Headingley turnout is proof Yorkshire public is still hungry for internationals

Headingley Cricket Ground.
Headingley Cricket Ground.
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YORKSHIRE believe they have taken a step forward in their efforts to guarantee the long-term future of international cricket at Headingley by selling out today’s one-day match between England and India.

A crowd of 16,500 is expected in a fillip not only to the club’s finances but also to their hopes of hosting England games in an increasingly competitive marketplace.

Yorkshire face losing international cricket post-2019 when their staging agreement expires with the England and Wales Cricket Board, a deal struck as part of their buy-out of the Headingley ground in 2005.

They will need to negotiate a new deal with the governing body in the face of fierce competition from grounds such as Chester-le-Street, Cardiff and Southampton, who are all similarly eager to host international fixtures.

Yorkshire must prove to the ECB that Headingley can match such new kids on the block, with nine grounds now effectively vying to stage seven Tests each year.

Earlier this summer, Yorkshire unveiled an ambitious £50m masterplan to transform the stadium in the next 20 years.

In the meantime, the successful staging of international games – and specifically the ability to sell them out – is the best way Yorkshire can show the ECB that Headingley deserves an international future.

Andy Dawson, the club’s commercial director, said a full house for the India fixture was an encouraging sign.

“It’s good that we’ve been so well-supported and it bodes well for the future as we look to be a venue of choice for the ECB,” he said.

“Ticket sales have gone really well, and it’s great for the Leeds city region and the county as a whole.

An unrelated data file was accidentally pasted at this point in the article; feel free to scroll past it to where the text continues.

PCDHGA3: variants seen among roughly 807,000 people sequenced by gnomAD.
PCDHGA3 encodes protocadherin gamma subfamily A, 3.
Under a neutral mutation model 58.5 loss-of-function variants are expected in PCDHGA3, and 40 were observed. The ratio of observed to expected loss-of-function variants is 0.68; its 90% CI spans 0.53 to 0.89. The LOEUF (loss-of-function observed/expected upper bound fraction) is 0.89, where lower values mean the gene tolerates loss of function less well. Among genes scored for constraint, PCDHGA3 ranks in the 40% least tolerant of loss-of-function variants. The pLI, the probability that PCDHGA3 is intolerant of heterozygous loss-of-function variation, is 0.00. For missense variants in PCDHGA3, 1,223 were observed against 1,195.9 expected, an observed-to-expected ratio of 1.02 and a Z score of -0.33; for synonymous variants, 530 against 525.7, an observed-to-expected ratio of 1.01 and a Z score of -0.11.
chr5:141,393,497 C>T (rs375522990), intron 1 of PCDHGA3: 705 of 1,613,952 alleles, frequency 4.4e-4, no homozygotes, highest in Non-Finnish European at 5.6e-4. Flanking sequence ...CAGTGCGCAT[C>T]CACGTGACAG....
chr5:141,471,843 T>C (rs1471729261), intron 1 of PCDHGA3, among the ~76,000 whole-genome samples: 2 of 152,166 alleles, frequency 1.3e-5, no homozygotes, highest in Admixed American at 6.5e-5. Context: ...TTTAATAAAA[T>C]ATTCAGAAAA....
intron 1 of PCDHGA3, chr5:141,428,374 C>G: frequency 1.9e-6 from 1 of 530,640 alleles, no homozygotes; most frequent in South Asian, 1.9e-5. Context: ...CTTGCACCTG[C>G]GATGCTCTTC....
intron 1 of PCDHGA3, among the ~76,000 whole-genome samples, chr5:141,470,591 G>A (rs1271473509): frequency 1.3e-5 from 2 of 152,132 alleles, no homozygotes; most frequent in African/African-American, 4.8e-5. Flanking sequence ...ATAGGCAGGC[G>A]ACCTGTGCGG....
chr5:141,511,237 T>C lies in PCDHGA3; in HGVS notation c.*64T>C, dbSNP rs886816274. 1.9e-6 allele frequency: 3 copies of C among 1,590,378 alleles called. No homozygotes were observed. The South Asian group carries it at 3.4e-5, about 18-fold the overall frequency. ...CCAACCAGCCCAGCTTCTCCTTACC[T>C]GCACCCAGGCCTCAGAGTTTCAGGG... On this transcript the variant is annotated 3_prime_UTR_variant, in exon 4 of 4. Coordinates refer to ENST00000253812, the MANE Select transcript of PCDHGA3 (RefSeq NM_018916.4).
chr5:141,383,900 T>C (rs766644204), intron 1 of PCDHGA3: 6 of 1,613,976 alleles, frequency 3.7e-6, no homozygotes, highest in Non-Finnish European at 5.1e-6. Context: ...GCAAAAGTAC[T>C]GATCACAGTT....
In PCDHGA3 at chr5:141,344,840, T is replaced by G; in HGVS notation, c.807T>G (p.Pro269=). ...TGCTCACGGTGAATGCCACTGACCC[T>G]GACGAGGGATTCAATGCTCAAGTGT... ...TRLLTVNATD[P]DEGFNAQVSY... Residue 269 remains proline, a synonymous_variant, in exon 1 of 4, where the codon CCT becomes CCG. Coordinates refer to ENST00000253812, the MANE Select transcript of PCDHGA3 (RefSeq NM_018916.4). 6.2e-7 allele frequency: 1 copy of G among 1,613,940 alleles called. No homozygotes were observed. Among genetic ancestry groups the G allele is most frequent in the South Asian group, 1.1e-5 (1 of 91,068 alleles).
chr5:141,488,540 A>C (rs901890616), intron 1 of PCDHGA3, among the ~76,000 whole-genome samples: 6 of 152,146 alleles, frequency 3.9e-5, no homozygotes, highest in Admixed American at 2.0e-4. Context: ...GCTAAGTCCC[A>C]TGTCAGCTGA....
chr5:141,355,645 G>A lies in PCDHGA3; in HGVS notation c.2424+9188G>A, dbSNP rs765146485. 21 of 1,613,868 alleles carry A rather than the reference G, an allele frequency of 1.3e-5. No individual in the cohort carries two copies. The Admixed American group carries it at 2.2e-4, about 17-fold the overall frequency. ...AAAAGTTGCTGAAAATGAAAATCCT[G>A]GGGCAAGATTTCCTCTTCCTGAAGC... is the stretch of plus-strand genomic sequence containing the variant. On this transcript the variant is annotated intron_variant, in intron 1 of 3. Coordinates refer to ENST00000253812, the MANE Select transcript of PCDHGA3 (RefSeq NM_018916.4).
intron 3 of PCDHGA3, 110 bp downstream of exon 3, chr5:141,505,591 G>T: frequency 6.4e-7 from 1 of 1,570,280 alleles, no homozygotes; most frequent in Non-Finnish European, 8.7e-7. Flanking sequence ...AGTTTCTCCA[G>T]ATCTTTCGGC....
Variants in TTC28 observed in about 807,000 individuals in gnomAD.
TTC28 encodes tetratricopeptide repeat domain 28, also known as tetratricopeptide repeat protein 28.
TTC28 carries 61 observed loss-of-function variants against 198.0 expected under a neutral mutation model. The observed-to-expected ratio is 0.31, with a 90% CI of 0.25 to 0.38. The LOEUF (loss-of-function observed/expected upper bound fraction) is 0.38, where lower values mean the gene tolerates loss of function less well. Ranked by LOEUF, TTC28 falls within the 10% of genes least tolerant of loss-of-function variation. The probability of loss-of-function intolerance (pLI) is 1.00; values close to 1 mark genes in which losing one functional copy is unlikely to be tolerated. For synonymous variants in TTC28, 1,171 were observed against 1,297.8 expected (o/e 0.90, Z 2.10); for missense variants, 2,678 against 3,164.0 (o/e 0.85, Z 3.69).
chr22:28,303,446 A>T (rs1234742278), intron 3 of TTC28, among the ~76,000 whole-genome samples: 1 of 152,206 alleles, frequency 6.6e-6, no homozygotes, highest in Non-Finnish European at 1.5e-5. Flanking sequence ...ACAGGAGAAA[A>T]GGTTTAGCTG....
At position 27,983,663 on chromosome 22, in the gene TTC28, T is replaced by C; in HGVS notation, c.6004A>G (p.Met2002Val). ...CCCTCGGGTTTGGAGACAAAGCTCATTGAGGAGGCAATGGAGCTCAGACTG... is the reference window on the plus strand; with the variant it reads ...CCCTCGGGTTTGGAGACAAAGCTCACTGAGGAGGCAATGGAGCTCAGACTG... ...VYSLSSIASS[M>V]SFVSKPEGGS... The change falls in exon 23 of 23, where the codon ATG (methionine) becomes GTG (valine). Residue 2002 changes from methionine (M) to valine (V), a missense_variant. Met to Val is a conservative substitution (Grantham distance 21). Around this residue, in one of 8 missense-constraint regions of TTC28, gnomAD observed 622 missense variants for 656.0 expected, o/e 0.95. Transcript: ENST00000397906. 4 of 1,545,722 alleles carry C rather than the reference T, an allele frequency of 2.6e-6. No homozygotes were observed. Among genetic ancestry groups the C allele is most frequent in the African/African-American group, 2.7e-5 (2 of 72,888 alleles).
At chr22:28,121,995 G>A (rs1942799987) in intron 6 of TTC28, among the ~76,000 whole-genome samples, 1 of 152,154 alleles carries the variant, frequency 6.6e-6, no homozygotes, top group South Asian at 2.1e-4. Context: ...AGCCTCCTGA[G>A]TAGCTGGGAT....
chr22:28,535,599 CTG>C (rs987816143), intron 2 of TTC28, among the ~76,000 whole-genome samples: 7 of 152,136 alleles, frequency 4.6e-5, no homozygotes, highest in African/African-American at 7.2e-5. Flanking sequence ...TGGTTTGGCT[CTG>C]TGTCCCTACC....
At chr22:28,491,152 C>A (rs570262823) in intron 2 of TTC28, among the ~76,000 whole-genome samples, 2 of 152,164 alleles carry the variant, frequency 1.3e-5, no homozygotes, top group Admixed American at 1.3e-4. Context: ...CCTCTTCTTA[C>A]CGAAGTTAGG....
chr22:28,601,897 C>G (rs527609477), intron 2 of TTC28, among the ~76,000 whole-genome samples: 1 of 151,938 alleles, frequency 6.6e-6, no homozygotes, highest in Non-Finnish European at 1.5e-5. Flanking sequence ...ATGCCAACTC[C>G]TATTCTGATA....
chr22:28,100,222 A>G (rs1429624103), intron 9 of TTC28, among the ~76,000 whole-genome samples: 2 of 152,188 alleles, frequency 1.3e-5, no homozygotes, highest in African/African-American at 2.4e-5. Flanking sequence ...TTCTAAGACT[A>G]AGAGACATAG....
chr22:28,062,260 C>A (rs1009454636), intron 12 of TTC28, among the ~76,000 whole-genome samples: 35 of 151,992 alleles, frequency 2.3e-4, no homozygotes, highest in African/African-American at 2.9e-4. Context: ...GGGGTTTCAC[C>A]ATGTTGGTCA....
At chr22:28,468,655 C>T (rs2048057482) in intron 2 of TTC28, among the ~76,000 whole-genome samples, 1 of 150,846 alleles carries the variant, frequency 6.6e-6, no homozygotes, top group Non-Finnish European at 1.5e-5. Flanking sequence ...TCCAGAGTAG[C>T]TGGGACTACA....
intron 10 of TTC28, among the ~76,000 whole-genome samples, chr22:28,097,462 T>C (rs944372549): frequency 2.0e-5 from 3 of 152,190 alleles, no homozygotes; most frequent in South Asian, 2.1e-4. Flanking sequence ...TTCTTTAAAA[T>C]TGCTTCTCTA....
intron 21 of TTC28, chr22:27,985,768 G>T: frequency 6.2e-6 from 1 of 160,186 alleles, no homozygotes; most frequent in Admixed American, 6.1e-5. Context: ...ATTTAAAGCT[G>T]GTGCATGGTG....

“International cricket is very important to the club, and we’re delighted that the Yorkshire public and the wider region have come out to support.

“The appetite for international cricket in-and-around Yorkshire is very strong, and ticket sales seem to have been as good here as anywhere else in this one-day series.”

Yorkshire expect to generate £1.1m revenue from the match and have sold all 1,400 hospitality places.

Staff have worked hard since the end of last summer to market the game, and Dawson believes all can be proud of their efforts.

“I think we’ve done a tremendous job,” he said.

“We’ve got a hard-working team who have pulled out all the stops.

“In terms of ticket sales and the value the match provides, it works out at around 10-12 per cent of the club’s total revenue.

“It’s an important game for us financially.”

All Yorkshire need now is some luck with the weather. Incredibly, three of the last five ODIs at Headingley have been washed out.

In 2009, the match between England and the West Indies was abandoned just weeks after a new drainage system had been installed which had insufficient time to bed in.

In 2012, another England-West Indies fixture fell foul of the weather, while last year’s match between England and Australia also went by the wayside.

“We’ve had some real bad luck in recent years,” reflected Dawson.

“This time, the weather looks set fair – touch wood.”